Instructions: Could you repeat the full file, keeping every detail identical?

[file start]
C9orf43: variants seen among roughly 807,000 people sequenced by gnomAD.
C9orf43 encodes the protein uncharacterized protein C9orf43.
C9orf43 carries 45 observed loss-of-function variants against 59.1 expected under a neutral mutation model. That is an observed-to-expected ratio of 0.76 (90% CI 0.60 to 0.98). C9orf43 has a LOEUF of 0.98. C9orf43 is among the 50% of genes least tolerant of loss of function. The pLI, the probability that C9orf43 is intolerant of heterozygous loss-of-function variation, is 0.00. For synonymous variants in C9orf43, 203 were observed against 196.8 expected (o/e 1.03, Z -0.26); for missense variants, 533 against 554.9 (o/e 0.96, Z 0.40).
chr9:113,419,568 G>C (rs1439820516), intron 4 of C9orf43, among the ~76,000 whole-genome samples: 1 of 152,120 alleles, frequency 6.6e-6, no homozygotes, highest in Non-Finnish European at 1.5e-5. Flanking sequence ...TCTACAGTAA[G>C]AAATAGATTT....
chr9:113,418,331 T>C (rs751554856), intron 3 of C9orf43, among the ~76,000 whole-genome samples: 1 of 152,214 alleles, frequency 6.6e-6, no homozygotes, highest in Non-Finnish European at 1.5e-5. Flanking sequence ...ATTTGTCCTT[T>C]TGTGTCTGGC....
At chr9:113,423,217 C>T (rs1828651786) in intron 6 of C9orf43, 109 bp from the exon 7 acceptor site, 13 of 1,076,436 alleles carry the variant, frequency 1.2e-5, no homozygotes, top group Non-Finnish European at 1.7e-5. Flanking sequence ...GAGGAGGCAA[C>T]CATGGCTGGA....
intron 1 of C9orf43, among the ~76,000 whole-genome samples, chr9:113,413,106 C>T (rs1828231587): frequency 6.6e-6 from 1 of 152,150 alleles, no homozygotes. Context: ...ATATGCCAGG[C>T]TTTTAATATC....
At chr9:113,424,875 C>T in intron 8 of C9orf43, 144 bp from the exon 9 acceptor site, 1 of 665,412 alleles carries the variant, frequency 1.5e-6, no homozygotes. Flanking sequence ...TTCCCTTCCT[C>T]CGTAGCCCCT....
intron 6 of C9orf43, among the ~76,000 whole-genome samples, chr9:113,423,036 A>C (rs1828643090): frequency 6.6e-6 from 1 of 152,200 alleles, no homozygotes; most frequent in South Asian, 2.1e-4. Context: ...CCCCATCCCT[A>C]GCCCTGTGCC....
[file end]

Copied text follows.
C9orf43: variants seen among roughly 807,000 people sequenced by gnomAD.
C9orf43 encodes the protein uncharacterized protein C9orf43.
C9orf43 carries 45 observed loss-of-function variants against 59.1 expected under a neutral mutation model. That is an observed-to-expected ratio of 0.76 (90% CI 0.60 to 0.98). C9orf43 has a LOEUF of 0.98. C9orf43 is among the 50% of genes least tolerant of loss of function. The pLI, the probability that C9orf43 is intolerant of heterozygous loss-of-function variation, is 0.00. For synonymous variants in C9orf43, 203 were observed against 196.8 expected (o/e 1.03, Z -0.26); for missense variants, 533 against 554.9 (o/e 0.96, Z 0.40).
chr9:113,419,568 G>C (rs1439820516), intron 4 of C9orf43, among the ~76,000 whole-genome samples: 1 of 152,120 alleles, frequency 6.6e-6, no homozygotes, highest in Non-Finnish European at 1.5e-5. Flanking sequence ...TCTACAGTAA[G>C]AAATAGATTT....
chr9:113,418,331 T>C (rs751554856), intron 3 of C9orf43, among the ~76,000 whole-genome samples: 1 of 152,214 alleles, frequency 6.6e-6, no homozygotes, highest in Non-Finnish European at 1.5e-5. Flanking sequence ...ATTTGTCCTT[T>C]TGTGTCTGGC....
At chr9:113,423,217 C>T (rs1828651786) in intron 6 of C9orf43, 109 bp from the exon 7 acceptor site, 13 of 1,076,436 alleles carry the variant, frequency 1.2e-5, no homozygotes, top group Non-Finnish European at 1.7e-5. Flanking sequence ...GAGGAGGCAA[C>T]CATGGCTGGA....
intron 1 of C9orf43, among the ~76,000 whole-genome samples, chr9:113,413,106 C>T (rs1828231587): frequency 6.6e-6 from 1 of 152,150 alleles, no homozygotes. Context: ...ATATGCCAGG[C>T]TTTTAATATC....
At chr9:113,424,875 C>T in intron 8 of C9orf43, 144 bp from the exon 9 acceptor site, 1 of 665,412 alleles carries the variant, frequency 1.5e-6, no homozygotes. Flanking sequence ...TTCCCTTCCT[C>T]CGTAGCCCCT....
intron 6 of C9orf43, among the ~76,000 whole-genome samples, chr9:113,423,036 A>C (rs1828643090): frequency 6.6e-6 from 1 of 152,200 alleles, no homozygotes; most frequent in South Asian, 2.1e-4. Context: ...CCCCATCCCT[A>C]GCCCTGTGCC....